This commercial doesn’t sell sex, nor does it even sell a car. What it does sell is the idea that sexually assaulting someone is cool and shows courage. But it doesn’t. It shows cowardice.


I had never even heard of this company until I saw the commercial, and I can safely say that I will not be buying any of their products. It seems that one commercial portraying sexual assault just wasn’t enough for this year’s Super Bowl; apparently two is even better.

The Gildan commercial features a guy waking up from what appears to be a one-night stand in a girl’s bedroom. It’s implied that the night before was a little crazy; still attached to the guy’s wrist is a pair of leopard print handcuffs. As he extricates himself from the room, he notices that the sleeping girl is wearing his favorite t-shirt. Rather than call it a lost cause, the guy attempts to remove it from her while trying not to wake her up.

Because Gildan doesn’t seem to get it, I’m going to explain things very clearly for them. It’s never okay to remove another person’s clothing for them while they sleep, unless perhaps that person is your own sleeping child of an age where they cannot yet dress themselves. In fact, it is never okay to do anything to a sleeping person without their express consent. There is no excuse for assaulting a woman, including retrieval of your favorite article of clothing.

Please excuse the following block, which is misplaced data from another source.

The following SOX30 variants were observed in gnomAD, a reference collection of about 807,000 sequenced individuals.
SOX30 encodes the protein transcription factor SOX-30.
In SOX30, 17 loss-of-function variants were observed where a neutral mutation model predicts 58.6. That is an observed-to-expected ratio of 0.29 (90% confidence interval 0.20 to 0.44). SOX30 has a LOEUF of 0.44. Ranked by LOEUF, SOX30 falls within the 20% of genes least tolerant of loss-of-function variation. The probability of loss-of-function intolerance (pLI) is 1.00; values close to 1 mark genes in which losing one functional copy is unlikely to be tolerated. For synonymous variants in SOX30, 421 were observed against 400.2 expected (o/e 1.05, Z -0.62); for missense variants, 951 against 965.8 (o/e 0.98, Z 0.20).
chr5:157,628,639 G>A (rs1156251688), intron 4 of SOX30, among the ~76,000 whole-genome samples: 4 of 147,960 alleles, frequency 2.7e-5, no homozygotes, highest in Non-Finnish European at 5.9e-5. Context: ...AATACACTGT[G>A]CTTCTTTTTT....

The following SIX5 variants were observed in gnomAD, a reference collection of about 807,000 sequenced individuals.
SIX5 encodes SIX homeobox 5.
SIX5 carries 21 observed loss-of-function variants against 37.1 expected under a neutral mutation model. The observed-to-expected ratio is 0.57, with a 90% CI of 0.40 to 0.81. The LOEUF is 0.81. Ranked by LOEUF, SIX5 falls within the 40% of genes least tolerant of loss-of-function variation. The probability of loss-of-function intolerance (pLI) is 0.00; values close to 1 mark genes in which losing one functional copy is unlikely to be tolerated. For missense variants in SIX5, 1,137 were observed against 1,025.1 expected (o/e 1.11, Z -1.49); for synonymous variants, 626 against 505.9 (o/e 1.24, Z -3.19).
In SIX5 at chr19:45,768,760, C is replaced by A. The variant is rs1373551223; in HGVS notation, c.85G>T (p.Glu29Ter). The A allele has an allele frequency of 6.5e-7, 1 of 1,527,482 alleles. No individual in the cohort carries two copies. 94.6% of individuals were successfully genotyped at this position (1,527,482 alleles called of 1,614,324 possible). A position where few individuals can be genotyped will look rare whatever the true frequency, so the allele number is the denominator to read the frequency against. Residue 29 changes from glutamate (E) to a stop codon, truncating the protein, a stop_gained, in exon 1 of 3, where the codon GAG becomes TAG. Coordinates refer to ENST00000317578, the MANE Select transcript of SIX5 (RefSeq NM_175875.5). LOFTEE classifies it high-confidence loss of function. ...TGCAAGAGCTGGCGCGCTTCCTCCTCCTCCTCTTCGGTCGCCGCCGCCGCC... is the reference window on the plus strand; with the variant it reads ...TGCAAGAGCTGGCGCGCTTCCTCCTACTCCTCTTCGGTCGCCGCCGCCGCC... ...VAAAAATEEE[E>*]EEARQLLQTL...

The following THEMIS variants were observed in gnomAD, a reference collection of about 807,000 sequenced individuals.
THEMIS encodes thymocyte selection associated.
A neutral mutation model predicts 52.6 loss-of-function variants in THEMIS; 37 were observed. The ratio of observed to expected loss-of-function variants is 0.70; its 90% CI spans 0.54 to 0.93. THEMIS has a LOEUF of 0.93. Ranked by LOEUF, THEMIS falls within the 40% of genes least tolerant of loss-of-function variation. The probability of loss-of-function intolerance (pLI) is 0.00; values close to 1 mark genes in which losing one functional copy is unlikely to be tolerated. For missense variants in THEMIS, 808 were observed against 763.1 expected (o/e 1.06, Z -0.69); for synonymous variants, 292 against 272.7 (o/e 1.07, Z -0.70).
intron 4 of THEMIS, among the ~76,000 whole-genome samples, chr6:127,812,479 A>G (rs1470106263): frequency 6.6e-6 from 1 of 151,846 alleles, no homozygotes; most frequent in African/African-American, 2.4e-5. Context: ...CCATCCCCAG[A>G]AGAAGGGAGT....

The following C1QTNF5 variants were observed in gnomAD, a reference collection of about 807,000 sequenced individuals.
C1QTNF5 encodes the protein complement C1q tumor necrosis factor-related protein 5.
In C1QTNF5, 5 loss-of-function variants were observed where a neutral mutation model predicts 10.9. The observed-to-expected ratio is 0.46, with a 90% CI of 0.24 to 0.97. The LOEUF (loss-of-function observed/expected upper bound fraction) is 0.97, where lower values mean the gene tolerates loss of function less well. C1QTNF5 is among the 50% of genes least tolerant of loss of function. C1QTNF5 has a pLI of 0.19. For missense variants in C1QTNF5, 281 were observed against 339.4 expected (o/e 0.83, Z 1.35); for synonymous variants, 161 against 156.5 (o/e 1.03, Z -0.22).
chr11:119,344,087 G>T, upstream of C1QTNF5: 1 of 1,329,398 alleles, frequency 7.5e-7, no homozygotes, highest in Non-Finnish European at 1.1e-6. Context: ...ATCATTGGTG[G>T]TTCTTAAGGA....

2 Broke Girls

I’ve never really watched this CBS show before, but I’m assuming that the title is pretty self explanatory. The commercial that aired didn’t really help their cause, either. It showed the two girls wearing a bedazzled version of their waitress uniforms, dancing around on stripper poles to “Pour Some Sugar On Me.” Halfway through, one girl stops and asks why they’re doing this. Her friend replies that it’s for the Super Bowl, and the two resume their sexy dance.

I’m assuming that this is supposed to be some kind of social commentary about sexism in Super Bowl advertisements, but it fails to hit the mark. Appearing to be humorous about the stereotypical objectification by portraying said objectification doesn’t make it any less sexist.


Super Bowl 47 was a pretty bad year for problematic car commercials, and Kia is a double offender. The first commercial shows a shiny car with two female robots (“hotbots”) as decoration for selling a man the car. Yes, Kia actually saw fit to turn women into machines in order to sell their car. This goes beyond normal objectification as women are actually stripped of their humanity in order to sell a car.

The second commercial isn’t so much sexist as it is problematic. It shows a family sitting in their car when a little boy asks where babies come from. The father then makes up some elaborate story about an imaginary planet that brings a mother and father their baby. When the boy tries to say that his friend told him something different, the mother squashes his question by putting on “The Wheels on the Bus.”

I’m not sure why this car company thinks they have the right to tell families how they should discuss reproduction with their children. Rather than sell cars, this commercial reinforces the idea of abstinence-only education, which has been proven time and again to be ineffectual. But whether you agree with this view of sex education or not, this commercial promotes flat out lying to your children when they ask where babies come from. Kia, you are supposed to be selling cars, not sexual education. Why don’t you leave that to the professionals?

Calvin Klein